Here’s an example of how to throw a shorter hook where you can follow up with a leg kick.


It’s important that you keep your body straight when you go down for a body shot with the straight-right.

This is to prevent getting KOéd by a knee if you bend your body at the waist and crouch down for a body shot with head bent down like some boxers do (Joe Frazer, for example).

If your opponent times it right, he can throw a straight right knee right to your head or grab your head and throw a knee. Keeping your body straight up will keep your head above knee-level.

body punch not to do2

muay thai body punch

Another example of how to throw a straight body punch:


In Thailand, specifically, you will lose a Muay Thai fight if you go hand heavy but light on your kicks and knees.

The reason is that punches are not counted for points for the most part (unless a punch is hard enough to inflict visible pain on your opponent).

So if you want to win your fights in Thailand, you need to use punch combos mixed in with kicks. If you only punch, you will lose the fight unless you get a knockout!

Here’s how to lose a fight on points in Thailand that you ‘won’ by beating up your opponent WITH only your hands. Likely outside of Thailand, the puncher would have taken the win, but Muay Thai is scored differently in Thailand and hands don’t count for a lot compared to kicks and knees.


This is a well-known and effective strategy for combining hands and legs. End your combos with a rear kick to the leg, body, or head. You see quite a lot of K1/Kickboxing type guys throw these type of combos. The classic combo is the JAB-CROSS-LEFT HOOK-RIGHT KICK TO LEG.

This basic combo is highly effective as the punches will force your opponent to shell up while you move in close then you throw in a powerful leg kick to their lead leg (assuming both of you are orthodox stance); the kick will often land because your opponent is covering up from the punches and won’t see the kick coming.

Watch a good example of this here

4 Muay Thai Counters To Watch For If You Box in a Muay Thai Match

If you want to use your hands effectively in a Muay Thai fight, then keep the following in mind. These are the main counters you’ll find used against you when you come in to strike with your hands.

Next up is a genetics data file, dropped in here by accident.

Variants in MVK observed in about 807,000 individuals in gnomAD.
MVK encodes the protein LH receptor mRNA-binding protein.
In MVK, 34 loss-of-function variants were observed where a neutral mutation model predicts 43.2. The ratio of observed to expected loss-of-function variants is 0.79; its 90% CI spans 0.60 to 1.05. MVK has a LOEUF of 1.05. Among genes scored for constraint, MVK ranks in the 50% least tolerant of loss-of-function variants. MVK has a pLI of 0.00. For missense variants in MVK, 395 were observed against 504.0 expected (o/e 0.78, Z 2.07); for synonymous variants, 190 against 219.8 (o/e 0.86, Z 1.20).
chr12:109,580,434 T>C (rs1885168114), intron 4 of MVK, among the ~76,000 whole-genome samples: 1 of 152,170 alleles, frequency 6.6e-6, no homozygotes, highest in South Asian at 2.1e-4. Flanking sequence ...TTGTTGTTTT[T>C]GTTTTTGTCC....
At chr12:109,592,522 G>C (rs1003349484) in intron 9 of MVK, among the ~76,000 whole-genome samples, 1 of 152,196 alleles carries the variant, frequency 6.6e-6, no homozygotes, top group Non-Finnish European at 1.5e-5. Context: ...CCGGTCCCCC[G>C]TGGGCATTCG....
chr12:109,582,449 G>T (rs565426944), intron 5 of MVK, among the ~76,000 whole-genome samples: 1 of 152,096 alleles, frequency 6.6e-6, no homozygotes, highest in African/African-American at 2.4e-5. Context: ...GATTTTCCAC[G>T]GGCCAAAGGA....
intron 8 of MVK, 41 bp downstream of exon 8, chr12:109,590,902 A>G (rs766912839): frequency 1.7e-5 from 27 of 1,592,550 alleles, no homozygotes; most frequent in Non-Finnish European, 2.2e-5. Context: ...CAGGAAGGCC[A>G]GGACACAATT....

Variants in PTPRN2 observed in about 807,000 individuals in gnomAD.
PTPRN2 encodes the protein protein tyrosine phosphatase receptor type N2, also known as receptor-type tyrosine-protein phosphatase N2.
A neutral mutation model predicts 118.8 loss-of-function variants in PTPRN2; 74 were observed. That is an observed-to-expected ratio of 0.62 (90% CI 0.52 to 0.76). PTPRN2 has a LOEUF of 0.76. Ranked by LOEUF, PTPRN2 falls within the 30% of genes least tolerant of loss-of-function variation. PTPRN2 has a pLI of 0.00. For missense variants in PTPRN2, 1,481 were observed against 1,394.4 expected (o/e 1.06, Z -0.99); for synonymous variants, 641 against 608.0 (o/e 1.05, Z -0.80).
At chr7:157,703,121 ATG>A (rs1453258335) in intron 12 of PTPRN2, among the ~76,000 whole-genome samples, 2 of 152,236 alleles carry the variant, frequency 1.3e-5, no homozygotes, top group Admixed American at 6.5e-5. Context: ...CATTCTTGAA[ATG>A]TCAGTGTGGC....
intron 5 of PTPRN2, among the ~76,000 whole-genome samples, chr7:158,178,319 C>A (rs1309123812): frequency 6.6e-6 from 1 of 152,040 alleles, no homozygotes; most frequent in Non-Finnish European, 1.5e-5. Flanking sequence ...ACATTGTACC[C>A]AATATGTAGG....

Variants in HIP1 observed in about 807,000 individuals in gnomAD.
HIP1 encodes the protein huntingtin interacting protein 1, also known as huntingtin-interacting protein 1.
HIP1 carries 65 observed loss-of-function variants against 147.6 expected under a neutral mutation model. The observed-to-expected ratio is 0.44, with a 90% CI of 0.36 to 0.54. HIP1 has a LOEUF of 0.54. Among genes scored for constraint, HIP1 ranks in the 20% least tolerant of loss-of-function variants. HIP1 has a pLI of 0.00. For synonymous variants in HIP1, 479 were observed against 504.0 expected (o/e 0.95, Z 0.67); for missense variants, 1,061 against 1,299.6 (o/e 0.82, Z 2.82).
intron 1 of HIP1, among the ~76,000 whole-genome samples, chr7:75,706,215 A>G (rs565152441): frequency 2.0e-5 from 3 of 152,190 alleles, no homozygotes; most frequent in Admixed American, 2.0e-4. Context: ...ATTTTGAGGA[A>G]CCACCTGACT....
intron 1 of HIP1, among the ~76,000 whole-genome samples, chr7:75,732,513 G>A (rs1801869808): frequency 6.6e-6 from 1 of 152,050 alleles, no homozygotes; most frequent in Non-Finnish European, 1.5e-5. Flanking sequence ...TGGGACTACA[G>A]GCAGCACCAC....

1. Watch  for Teep when moving forward to engage in punches

If you want to use your hands in a Muay Thai fight, then you have to be very wary of running into a teep (straight front kick). It’s very possible your opponent, if they are any good at all, will see you rushing in and teep you.

The result is you will run into the kick, and the impact will knock you on your ass. While not necessary too painful, it is embarrassing, and you can lose a close match if this happens. A good Thai fighter will time it exactly and wait for you to rush in with your hands and teep your body.

The way to avoid this is to open with a kick to close the distance.

2.Watch for leg kicks to lead leg when throwing punch flurry

You are most vulnerable to lead leg low kick attacks when you throw a combo, especially if you end on a straight right or hook.  With the hook, your body is slightly twisted and the weight is on your front leg. This means it’s going to be a lot slower for you to bring that leg up to check a leg kick.

The same goes for when you throw a straight or overhand right. Your body will be twisted square with the weight on the front leg. This means that leg is very easy to attack since you won’t be in the position to raise it (too much weight on it and you’ll be off balance if you lift it up).

3. Watch for a lead arm  or rear side elbow when the opponent shells up

I’ve seen Thai boxers shell up on a punch flurry for a couple seconds, then explode out with a rear side elbow or a leading hand side elbow, or a forward up elbow. Such a counter attack from your opponent can catch you off guard if you are committed to a punch combination.

4. Watch for straight right forward knee when you a punch

You are especially vulnerable to the right knee if you throw a right hook as the opponent can catch that hook on their left-hand glove and easily step forward with a right knee right to your stomach.

If you throw a straight right and your opponent times it right, they can hammer your stomach with a knee while leaning back, so the knee hits you while your punch doesn’t reach.

The Final Word

Both Boxing and Muay Thai are beautiful sports; there’s a lot Muay Thai practitioners can learn from Boxing to improve their Muay Thai game.

If you want to come into Muay Thai from a Boxing background, you will have a big advantage using your hands over those who don’t have a boxing background. But you’ll have to modify your boxing so it can work for you (and not get you KO’ed).

Make sure you read the final article, ‘Best Boxing Combos for Muay Thai‘ in this ‘Boxing for Muay Thai’ series I’ve put together.